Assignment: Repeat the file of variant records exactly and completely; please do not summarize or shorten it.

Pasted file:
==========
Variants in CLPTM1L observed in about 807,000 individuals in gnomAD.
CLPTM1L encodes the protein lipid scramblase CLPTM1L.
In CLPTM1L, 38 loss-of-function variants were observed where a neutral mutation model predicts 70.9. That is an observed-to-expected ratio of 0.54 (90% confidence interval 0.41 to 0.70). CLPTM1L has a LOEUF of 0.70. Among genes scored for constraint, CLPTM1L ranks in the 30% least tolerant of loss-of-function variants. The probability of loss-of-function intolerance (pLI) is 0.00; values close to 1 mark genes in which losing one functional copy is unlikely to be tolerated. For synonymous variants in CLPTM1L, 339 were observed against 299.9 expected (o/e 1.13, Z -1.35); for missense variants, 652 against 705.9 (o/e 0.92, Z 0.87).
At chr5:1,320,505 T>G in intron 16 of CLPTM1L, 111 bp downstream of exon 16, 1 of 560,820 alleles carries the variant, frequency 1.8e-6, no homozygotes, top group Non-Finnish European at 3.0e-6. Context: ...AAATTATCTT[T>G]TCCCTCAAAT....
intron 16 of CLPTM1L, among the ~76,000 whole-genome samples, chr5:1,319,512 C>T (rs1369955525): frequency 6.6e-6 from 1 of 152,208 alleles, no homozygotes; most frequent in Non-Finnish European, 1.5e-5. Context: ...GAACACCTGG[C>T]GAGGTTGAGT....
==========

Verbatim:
Variants in CLPTM1L observed in about 807,000 individuals in gnomAD.
CLPTM1L encodes the protein lipid scramblase CLPTM1L.
In CLPTM1L, 38 loss-of-function variants were observed where a neutral mutation model predicts 70.9. That is an observed-to-expected ratio of 0.54 (90% confidence interval 0.41 to 0.70). CLPTM1L has a LOEUF of 0.70. Among genes scored for constraint, CLPTM1L ranks in the 30% least tolerant of loss-of-function variants. The probability of loss-of-function intolerance (pLI) is 0.00; values close to 1 mark genes in which losing one functional copy is unlikely to be tolerated. For synonymous variants in CLPTM1L, 339 were observed against 299.9 expected (o/e 1.13, Z -1.35); for missense variants, 652 against 705.9 (o/e 0.92, Z 0.87).
At chr5:1,320,505 T>G in intron 16 of CLPTM1L, 111 bp downstream of exon 16, 1 of 560,820 alleles carries the variant, frequency 1.8e-6, no homozygotes, top group Non-Finnish European at 3.0e-6. Context: ...AAATTATCTT[T>G]TCCCTCAAAT....
intron 16 of CLPTM1L, among the ~76,000 whole-genome samples, chr5:1,319,512 C>T (rs1369955525): frequency 6.6e-6 from 1 of 152,208 alleles, no homozygotes; most frequent in Non-Finnish European, 1.5e-5. Context: ...GAACACCTGG[C>T]GAGGTTGAGT....